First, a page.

And no wonder: Hitler did not represent a serious threat to capitalism. In fact, he was a happy collaborator in it after his own fashion, abolishing workers’ unions and all other manifestations of popular power in Germany. Guess who is the exact opposite of all that?
The reality is that as US hegemony is being challenged by the popular uprisings in the Arab world, right-wing commentators and policy-makers are scrambling to spin the situation to their own advantage.
They are singling out governments outside of US control as possible targets for enforced “regime change” from outside.
Responding to the idea that Venezuela could be next, Chavez noted on February 18 that what was occurring in Egypt “started here a while ago. We have been in rebellion for a while now, in a revolutionary rebellion.”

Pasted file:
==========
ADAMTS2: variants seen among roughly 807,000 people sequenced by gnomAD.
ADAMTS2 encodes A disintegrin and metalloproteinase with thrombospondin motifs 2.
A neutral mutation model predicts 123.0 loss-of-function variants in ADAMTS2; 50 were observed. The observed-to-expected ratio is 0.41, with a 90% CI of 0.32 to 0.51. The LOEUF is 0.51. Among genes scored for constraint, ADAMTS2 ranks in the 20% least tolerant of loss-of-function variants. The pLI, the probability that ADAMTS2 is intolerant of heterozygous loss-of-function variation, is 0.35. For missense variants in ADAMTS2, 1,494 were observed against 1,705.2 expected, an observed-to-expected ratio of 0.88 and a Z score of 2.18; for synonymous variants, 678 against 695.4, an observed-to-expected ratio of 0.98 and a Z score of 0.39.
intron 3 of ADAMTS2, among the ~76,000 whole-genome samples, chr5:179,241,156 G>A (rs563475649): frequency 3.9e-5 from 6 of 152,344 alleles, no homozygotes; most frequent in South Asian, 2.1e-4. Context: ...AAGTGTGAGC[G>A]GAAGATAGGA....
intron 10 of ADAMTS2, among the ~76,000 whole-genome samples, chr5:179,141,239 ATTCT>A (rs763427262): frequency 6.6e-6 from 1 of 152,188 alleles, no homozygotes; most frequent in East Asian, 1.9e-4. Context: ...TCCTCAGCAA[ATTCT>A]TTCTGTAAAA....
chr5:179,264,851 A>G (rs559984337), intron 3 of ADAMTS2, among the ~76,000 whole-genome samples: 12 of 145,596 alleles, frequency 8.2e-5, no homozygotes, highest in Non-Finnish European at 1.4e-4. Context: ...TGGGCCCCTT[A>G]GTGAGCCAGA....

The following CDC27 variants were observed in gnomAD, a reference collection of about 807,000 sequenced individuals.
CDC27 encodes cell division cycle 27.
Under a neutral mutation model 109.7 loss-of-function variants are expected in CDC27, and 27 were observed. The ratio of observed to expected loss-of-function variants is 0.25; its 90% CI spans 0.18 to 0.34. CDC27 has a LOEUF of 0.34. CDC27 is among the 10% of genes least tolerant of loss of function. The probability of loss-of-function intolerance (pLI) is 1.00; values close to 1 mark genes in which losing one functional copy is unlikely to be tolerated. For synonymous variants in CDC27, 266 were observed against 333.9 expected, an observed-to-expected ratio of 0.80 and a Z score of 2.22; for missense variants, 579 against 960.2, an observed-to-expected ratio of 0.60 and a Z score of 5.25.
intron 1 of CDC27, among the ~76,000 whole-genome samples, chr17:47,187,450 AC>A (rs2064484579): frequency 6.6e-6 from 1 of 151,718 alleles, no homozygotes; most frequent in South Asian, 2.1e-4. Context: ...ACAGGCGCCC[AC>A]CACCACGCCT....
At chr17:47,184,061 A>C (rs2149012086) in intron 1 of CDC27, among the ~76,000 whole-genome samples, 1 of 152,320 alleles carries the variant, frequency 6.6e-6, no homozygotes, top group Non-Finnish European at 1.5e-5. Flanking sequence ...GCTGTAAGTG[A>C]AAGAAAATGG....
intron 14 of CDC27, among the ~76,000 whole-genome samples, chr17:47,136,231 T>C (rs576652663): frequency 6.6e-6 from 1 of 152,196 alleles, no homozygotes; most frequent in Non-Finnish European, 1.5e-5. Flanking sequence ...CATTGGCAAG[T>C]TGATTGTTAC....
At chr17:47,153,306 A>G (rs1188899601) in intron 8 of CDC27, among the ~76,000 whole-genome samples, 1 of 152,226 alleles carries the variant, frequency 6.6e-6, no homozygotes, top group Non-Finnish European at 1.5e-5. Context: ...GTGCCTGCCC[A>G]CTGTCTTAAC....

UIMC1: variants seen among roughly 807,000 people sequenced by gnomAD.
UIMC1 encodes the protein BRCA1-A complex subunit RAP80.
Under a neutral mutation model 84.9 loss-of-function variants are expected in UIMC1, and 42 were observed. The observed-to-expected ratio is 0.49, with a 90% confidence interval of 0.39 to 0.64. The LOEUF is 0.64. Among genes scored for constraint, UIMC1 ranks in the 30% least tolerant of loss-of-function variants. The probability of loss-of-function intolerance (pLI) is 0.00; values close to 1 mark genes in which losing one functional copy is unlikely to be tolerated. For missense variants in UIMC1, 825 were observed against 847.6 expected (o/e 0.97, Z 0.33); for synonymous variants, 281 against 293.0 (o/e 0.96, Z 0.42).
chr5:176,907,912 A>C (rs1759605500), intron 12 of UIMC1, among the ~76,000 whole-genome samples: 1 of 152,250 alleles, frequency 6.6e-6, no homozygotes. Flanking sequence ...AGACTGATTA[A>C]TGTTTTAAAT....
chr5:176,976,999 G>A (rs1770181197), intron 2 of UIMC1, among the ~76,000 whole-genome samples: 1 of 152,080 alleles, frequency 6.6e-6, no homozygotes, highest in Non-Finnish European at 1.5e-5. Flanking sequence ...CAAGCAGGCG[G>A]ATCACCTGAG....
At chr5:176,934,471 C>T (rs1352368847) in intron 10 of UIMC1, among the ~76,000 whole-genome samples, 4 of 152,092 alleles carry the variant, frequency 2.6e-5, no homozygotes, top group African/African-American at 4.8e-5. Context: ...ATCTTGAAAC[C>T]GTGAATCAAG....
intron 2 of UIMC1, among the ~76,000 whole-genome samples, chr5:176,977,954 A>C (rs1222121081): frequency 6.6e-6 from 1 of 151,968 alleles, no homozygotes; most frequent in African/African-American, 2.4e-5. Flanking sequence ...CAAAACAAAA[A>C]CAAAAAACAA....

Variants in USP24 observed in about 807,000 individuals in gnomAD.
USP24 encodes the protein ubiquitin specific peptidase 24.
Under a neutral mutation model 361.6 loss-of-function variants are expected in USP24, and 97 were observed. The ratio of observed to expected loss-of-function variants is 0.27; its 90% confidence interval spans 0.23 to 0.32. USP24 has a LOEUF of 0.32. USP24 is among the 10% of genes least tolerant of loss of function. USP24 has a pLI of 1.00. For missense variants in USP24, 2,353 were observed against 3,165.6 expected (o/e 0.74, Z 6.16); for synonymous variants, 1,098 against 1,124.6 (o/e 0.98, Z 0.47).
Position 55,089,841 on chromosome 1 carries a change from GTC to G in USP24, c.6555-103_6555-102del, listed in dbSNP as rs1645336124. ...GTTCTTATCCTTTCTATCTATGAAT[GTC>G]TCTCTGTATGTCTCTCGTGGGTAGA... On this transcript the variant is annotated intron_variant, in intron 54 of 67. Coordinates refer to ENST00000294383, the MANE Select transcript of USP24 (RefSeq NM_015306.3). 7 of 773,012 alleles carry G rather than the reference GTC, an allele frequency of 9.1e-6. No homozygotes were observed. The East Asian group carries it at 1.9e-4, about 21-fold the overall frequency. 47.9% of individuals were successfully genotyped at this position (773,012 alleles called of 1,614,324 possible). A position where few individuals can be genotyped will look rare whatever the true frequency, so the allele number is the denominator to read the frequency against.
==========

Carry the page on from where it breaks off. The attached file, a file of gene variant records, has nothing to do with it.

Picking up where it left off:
Chavez said that rebellion began in Venezuela with the February 1989 popular uprising known as the Caracazo.
As a result of International Monetary Fund-imposed hikes in fuel prices, tens of thousands of Venezuelans poured onto the streets of Caracas and other major cities to protest against the neoliberal measure.
A brutal crackdown left thousands dead, according to some estimates, and temporarily quelled the rebellion.
However, the fervour continued in Venezuelan society, leading to Chavez’s election in 1998 on an anti-neoliberal platform.
Chavez said: “What happened in Egypt — and which has not finished — is a sudden awakening of people’s power. We have only seen the first waves.
“They are events that mark a new phase of history in the entire world.”